The brakes were rubbish when we got the bike - way too much lever travel and not much power when they did start working. We replaced the pads with Ferodo Supersport, which made it worse, so we switched back to some Kawasaki genuine pads, which seem to offer more bite. We replaced the brake lines with Goodridge hose, but although the brakes did work eventually they still had far too much lever travel. In the end, our friendly bike shop found that the pistons were retracting too far, and very kindly swapped our calipers with a new set discarded from one of the race bikes he prepared. After that, the brakes are as good as any I've used.
The midrange was quite disappointing, so a stage 1 tune was in order. Posessed of a social conscience, we chose to fit a Dynojet stage 1 jet kit with a K&N filter, but to retain the standard can. Although we knew we wouldn't get the best from the kit, Dynojet's blurb said we could still expect a better midrange and improved throttle response. Well, it was awful. Nick, having fitted many of these kits in the past, couldn't get rid of a huge rich patch which didn't just give a hole, it was a chasm in the torque curve. It totally bogged between 7 and 8,000rpm. After two days of fiddling Nick phoned Dynojet and was told to his amazement that the kit would not work with the standard can. That left us with three unattractive options: put up with the bike as it was, remove the kit, or fit a race can. In the end we chose to fit the can, and got a "relatively quiet" carbon race can made by Rhino Dyno in London.
Bloody Hell! If that was relatively quiet, I'd hate to hear a loud one. Amanda was at home once and heard me coming from five miles away ... anyway, it was a gorgeous throaty sound through the carbon can, and the midrange improved beyond all recognition. With the stage 1 tune, the ZXR was quicker throughout the rev range than a friend's standard ZX-7R, especially at the top end. I loved it!
The suspension was notoriously hard, but despite being under 65kg I find it OK on smooth roads - in fact I increased the preload to reduce sag and quicken the steering a bit. On bumpy roads, I just used my legs to lift in the saddle a little and absorb the bumps like that - you gotta ride the thing anyway, you can't just sit there like a blob! Unfortunately, Amanda couldn't touch the floor properly, so we didn't tend to swap around much.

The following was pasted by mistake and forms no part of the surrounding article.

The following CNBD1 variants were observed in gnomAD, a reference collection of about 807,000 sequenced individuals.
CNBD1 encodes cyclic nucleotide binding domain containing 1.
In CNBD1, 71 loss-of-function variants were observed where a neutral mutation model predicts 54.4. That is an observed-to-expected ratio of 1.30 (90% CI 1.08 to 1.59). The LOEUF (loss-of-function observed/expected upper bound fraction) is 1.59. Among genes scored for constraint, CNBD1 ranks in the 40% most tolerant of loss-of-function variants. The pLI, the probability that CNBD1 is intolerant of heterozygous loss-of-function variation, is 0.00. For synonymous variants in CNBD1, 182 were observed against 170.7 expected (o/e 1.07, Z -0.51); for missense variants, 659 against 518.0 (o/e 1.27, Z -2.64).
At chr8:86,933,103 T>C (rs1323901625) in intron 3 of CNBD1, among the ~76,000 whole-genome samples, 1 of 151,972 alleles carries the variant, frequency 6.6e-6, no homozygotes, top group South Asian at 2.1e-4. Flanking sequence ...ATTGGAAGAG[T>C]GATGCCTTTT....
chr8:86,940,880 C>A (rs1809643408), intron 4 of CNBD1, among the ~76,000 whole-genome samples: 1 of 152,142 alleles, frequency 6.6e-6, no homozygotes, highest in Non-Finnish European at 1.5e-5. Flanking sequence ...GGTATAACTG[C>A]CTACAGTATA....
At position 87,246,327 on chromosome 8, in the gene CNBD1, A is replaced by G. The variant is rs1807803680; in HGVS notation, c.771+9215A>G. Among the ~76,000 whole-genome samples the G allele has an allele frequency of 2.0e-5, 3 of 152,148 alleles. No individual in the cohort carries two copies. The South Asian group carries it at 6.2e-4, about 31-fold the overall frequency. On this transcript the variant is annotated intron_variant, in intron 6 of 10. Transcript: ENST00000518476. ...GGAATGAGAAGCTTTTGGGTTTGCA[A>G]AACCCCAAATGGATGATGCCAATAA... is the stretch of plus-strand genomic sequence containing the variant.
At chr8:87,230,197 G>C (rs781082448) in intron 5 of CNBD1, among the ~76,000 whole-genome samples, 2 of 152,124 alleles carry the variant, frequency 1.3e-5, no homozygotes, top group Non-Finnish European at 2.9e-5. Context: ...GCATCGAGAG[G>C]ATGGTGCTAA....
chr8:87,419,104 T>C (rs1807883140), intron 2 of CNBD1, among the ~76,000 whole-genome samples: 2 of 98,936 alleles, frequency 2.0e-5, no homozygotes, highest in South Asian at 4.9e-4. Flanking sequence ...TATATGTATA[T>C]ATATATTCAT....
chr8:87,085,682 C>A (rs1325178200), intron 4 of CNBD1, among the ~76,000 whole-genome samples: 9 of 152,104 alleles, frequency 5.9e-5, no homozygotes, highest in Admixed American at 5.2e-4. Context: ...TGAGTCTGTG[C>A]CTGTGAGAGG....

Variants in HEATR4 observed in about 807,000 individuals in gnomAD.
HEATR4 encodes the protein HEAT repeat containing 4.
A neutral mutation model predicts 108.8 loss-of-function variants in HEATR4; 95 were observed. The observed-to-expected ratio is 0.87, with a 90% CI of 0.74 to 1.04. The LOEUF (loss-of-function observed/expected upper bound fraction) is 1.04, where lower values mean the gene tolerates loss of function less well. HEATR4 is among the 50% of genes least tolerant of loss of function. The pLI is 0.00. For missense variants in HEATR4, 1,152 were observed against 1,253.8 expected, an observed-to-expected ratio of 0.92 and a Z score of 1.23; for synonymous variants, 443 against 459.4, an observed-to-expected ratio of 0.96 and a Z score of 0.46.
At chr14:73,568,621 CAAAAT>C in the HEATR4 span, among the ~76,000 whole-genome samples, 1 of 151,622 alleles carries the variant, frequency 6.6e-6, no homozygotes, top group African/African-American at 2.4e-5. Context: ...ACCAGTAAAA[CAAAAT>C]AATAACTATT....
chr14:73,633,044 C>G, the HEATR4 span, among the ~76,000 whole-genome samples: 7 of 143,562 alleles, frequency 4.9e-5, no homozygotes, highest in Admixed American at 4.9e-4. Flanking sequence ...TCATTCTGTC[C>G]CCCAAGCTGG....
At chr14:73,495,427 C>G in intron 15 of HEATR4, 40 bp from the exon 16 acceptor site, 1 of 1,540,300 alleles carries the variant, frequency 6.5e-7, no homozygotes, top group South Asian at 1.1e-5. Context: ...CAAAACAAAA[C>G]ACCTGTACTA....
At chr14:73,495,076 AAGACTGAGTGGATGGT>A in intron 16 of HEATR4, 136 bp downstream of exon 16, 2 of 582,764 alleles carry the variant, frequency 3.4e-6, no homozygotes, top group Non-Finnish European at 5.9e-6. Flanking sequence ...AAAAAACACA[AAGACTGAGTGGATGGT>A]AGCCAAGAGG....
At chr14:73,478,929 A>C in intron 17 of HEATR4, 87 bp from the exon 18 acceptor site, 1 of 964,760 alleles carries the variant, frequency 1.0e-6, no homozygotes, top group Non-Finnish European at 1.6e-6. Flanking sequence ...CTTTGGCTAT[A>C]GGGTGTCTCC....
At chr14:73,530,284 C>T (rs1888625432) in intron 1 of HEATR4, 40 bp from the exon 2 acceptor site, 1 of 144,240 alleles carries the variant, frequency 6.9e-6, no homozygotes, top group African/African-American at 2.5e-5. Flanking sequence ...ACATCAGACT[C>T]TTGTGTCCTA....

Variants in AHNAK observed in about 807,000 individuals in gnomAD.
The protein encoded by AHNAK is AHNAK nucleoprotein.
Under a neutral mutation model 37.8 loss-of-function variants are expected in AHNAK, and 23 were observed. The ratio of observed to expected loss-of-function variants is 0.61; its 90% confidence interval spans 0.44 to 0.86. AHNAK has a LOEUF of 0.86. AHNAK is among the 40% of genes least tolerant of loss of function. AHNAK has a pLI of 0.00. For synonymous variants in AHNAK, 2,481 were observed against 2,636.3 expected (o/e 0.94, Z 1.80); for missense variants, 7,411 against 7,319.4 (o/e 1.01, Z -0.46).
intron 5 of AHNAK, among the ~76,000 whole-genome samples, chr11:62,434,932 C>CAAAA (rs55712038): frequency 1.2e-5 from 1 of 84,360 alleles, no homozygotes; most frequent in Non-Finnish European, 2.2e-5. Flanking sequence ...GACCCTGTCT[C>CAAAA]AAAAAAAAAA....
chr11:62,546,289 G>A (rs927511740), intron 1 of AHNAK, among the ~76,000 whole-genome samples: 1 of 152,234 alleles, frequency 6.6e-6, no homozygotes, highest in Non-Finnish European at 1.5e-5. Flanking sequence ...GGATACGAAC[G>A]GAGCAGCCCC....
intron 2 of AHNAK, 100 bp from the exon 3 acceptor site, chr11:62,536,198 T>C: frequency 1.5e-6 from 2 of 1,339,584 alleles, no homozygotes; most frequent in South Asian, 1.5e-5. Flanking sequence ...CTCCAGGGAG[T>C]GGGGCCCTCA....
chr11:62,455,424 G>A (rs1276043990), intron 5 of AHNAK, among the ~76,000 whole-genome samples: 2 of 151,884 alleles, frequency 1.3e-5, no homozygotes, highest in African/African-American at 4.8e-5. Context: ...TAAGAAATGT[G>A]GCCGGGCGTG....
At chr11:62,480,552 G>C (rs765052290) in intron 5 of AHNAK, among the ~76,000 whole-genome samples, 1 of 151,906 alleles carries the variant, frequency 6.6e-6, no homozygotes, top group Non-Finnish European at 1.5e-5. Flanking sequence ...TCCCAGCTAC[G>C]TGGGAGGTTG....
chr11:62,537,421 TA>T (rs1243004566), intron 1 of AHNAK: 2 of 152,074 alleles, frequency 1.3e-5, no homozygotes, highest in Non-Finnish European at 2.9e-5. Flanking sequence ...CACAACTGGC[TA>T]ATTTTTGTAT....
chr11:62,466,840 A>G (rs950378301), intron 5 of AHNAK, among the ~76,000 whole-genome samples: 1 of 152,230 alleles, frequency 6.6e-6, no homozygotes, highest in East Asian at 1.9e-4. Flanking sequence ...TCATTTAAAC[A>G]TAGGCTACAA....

The gearing was reduced by the use of a 46 tooth rear sprocket (instead of the standard 44 tooth). It revved a bit higher for a given speed (top gear became 6,000rpm @ 80mph), and the gears were a bit closer together. Essentially it's like losing the old 6th gear and gaining a new (lower) 1st gear.
Motorcycle industry figures show that between January and May 1996, 17540 new Hondas, Suzukis, Yamahas and Kawasakis were sold in the UK. In the same period police figures show 18,374 Japanese bikes were reported stolen. Since 1993, almost 60,000 bikes have been reported stolen, with 35,000 never recovered.
In 1992, 60% of all stolen bikes were recovered. In 1996 it was 28%. Bike thieves are no longer joyriders but professionals who either change the bike's identity or break it for spares.
"I know of people compiling lists of bikes and owners by trawling suburban areas, then selling these lists to thieves," says Dr Ken German of the Metropolitan Police's Stolen Vehicle Squad. The trawlers find Sunday evenings are a good time to pin bikes to addresses, because that's when lots of them are out on the drive after a day out riding.
If a thief is having trouble getting hold of a particular bike ... he'll go trawling town centres waiting until he sees one. Then he'll follow it home, note the address and pop back later with some mates. "I know of one bunch who do all their trawling in the rain," says motorcycle security specialist Julian Beardsell. "They found they couldn't follow sports bikes home in the dry because they went too fast. But in slippy conditions ... easy."
There are numerous stories of thieves moving cars and demolishing walls to get to bikes.
Source: RiDE magazine, November 1996.
Our bikes are as safe as we can make them: We live in the country; they're in an alarmed brick garage with deadlocks on the doors; they're fixed to the earth's crust by concreted-in ground anchors with police-approved locks and chains; they both wear top disc locks. They have alarm/immobilisers, the garage is connected to the hoe alarm, and our (alarmed) car is parked in front of them. In addition, the bikes both have Alpha-Dot (invisible, traceable tags).
Of course, none of this guarantees that the bikes can't be stolen, but if anyone tries to get at them in the garage, we'll know about it - and our local police will have time to get a riot van in before the bad guys have tackled all the obstacles. When the bikes are out and about, the Datatag, immobiliser and disc locks will prevent casual thieves from making off with them, and hopefully the alarm will alert us if bad guys try to stuff 'em in a van.
We very much resent the money and time we've spent on protecting our property from the thieving scum, and would certainly prefer that the criminals themselves were tagged. The ideal solution was used by the British a couple of hundred years ago - individuals who decided to live outisde the laws of civilised society were themselves removed from society to live in their own criminal anarchy. Bring back deportation! (the trouble, of course, is finding somewhere to put them. Apparently we can't use Australia any more :-))